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Better sanitation for Upper Egypt schools

CAIRO: “I am a toothbrush! yells a 10-year old girl role-playing before her classmates in the Upper Egypt village of Farshout. “I protect my teeth from cavities and I keep my breath smelling fresh! “I wash my hands, I wash my face, I wash my head and I wash my body, yells another girl, the …


CAIRO: “I am a toothbrush! yells a 10-year old girl role-playing before her classmates in the Upper Egypt village of Farshout. “I protect my teeth from cavities and I keep my breath smelling fresh! “I wash my hands, I wash my face, I wash my head and I wash my body, yells another girl, the image of a yellow bar of soap on the card hanging from her neck. That way I can protect myself from illness.

For children who spend some eight hours in school everyday, there are basic necessities. Some of those requirements are more palpable, such as teachers, books and stationary. A child’s health, however, is just as much an essentiality for academic success as are the tools they use for learning.

Thanks to a new partnership between the Ministry of Education, USAID and UNICEF, more than 300 primary schools in Upper Egypt will benefit from clean water, sanitation and better hygiene education. Over the next three years, the School Sanitation Project will work at primary schools in six districts in the Assiut, Sohag and Qena governorates to develop cleaner, healthier toilet facilities at schools, as well as proper health education. The $2 million agreement (LE 11.5 million) was signed yesterday by Minister of Education Youssri El-Gamal, along with representatives from USAID and UNICEF. “Better hygiene and sanitation is the corner-stone of the healthy life of a child, El-Gamal said following the signing. “With better hygiene enhancers in early childhood, this will influence the health of the child for the rest of their life.

The role-play is one result of the sanitation and hygiene program in primary schools across the Farshout district. Some 14,000 students at 36 schools are benefiting from the program, which ranges from infrastructural repairs to awareness through interaction. According to UNICEF, approximately 97 percent of Egypt’s rural communities have access to improved drinking water facilities, but only 56 percent have access to adequate sanitation facilities. Sanitation development projects such as this specifically push the development of independent water and sanitary drainage authorities, technical assistance to local authorities for the strengthening and maintenance of water supply facilities, as well as improvement of the facilities themselves. The project also focuses on the rehabilitation of facilities within the schools. Water and drainage in many schools are often not functioning or are functioning poorly. The project is therefore geared at improving conditions on the local level in order to ensure the ongoing maintenance of school facilities.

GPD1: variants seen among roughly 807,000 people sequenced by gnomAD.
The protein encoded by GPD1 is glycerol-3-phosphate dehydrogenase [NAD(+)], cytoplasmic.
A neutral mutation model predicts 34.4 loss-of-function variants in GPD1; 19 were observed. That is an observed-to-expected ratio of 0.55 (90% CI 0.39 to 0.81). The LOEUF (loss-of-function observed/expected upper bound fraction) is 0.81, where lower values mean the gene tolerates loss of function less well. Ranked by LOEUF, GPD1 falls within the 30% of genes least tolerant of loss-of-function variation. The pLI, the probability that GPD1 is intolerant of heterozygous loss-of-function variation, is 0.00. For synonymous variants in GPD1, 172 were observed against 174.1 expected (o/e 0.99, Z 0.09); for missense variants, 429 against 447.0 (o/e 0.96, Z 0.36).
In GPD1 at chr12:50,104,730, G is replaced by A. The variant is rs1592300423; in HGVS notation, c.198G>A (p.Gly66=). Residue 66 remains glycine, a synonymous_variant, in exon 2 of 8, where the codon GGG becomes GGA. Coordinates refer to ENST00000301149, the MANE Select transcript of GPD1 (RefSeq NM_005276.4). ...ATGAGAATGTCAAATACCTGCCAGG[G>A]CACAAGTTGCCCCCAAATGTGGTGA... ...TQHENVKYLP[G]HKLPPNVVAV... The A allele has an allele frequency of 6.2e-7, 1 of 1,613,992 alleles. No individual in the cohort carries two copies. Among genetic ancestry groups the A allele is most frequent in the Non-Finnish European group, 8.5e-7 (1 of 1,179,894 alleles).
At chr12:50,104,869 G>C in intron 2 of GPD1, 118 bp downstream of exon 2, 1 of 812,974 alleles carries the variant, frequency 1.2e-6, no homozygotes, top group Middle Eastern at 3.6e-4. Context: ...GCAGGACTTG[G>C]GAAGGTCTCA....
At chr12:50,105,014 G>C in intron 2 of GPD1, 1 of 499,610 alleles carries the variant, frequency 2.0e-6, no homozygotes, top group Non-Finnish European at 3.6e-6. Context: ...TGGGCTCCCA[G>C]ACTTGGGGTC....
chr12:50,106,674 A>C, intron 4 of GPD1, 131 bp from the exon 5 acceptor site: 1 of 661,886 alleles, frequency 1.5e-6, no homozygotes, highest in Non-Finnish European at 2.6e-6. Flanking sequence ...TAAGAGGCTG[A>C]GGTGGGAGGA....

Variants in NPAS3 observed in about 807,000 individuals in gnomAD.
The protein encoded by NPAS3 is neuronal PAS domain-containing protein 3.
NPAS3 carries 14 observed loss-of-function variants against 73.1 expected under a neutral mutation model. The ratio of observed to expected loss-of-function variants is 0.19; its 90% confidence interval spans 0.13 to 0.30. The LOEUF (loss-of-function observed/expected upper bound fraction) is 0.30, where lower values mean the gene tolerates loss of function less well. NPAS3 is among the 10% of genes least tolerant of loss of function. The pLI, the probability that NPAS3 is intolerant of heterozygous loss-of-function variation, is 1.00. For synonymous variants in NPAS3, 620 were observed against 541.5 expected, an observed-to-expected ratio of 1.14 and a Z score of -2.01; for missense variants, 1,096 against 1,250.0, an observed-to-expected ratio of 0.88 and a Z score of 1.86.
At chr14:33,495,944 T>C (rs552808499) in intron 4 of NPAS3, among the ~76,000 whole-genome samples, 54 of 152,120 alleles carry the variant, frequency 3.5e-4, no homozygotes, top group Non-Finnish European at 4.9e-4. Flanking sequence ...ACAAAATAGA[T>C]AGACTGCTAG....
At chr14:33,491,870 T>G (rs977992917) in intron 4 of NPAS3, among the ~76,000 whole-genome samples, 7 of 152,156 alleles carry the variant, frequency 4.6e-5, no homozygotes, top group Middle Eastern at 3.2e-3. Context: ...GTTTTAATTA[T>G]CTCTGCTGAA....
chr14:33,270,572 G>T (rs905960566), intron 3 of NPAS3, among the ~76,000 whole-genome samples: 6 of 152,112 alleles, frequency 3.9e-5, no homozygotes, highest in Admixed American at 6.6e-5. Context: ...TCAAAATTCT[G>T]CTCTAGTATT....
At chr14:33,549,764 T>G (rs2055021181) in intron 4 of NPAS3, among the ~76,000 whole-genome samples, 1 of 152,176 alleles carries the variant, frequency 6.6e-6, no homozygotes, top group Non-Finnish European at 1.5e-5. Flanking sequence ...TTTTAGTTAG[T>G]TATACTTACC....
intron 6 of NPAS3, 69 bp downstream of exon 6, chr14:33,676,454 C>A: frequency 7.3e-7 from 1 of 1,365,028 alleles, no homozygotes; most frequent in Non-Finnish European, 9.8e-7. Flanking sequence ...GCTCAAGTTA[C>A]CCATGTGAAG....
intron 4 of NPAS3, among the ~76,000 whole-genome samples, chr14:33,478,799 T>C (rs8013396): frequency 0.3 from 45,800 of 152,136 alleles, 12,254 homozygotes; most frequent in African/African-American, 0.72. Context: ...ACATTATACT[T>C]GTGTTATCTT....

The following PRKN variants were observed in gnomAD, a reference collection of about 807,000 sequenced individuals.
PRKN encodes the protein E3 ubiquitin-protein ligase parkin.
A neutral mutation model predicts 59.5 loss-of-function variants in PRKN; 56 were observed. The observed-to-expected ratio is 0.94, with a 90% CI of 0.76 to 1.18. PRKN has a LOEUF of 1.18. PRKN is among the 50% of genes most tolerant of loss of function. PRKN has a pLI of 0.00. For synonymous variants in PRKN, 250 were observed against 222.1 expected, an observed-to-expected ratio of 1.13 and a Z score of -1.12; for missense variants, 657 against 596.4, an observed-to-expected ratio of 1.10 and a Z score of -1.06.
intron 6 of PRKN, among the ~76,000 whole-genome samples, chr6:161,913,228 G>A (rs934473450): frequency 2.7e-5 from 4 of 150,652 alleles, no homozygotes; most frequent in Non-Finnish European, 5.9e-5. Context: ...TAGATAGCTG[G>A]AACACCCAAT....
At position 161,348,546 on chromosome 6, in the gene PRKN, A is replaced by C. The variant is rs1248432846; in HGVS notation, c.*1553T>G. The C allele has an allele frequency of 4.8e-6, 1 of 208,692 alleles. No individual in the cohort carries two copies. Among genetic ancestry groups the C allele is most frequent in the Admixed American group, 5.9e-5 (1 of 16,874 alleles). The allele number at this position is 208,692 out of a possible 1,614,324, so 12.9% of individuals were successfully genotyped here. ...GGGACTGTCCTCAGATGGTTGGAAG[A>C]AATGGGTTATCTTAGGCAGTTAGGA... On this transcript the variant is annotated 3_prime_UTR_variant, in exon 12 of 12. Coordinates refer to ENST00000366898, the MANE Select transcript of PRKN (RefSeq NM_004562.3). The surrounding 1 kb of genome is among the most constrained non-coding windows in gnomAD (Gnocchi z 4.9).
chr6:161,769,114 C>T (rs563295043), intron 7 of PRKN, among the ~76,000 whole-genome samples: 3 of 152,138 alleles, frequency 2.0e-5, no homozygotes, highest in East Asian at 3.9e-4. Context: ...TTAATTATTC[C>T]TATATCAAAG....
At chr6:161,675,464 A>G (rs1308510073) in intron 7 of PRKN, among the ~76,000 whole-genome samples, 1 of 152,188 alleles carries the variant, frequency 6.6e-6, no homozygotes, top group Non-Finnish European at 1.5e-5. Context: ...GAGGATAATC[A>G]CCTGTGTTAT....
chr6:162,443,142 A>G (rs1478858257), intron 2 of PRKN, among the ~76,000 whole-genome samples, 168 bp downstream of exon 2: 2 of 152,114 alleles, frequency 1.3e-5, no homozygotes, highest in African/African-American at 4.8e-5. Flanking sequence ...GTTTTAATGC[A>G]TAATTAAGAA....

“We are going to do training with the Ministry of Education on the importance of hygiene and how to include hygiene and environmental issues in the curriculum, adds Rania Elessawi, an assistant project officer with UNICEF. “We are going to look at the curriculum and add things that highlight certain issues, and [see] how it impacts the children.

The School Sanitation Project is one of a number of community development projects on which UNICEF, USAID and the Egyptian government are collaborating together. Last year, a five year effort to provide water, sanitation facilities and hygiene education to some 500,000 people in Upper Egypt came to a close. Representatives with UNICEF say they hope this latest venture will build on that incentive. The School Sanitation initiative will also promote awareness through responsibility. Children will often return home to show their mother or siblings what they have learned. By increasing a child’s awareness regarding sanitation, hygiene and environmental issues, project developers are confident that the message will quickly spread around the villages. Officials say some of the funding will be directed to support community activities that will bring safe water, sanitation and better hygiene practices to homes. “Washing their hands, washing their faces, personal hygiene, washing their bodies, washing their hair; these are very basic messages but a lot of the time people don’t focus on it, says Elessawi. “We want to focus on child participation, how they can impact their own house and improve their own house and impact their [families].

Topics: Aboul Fotouh

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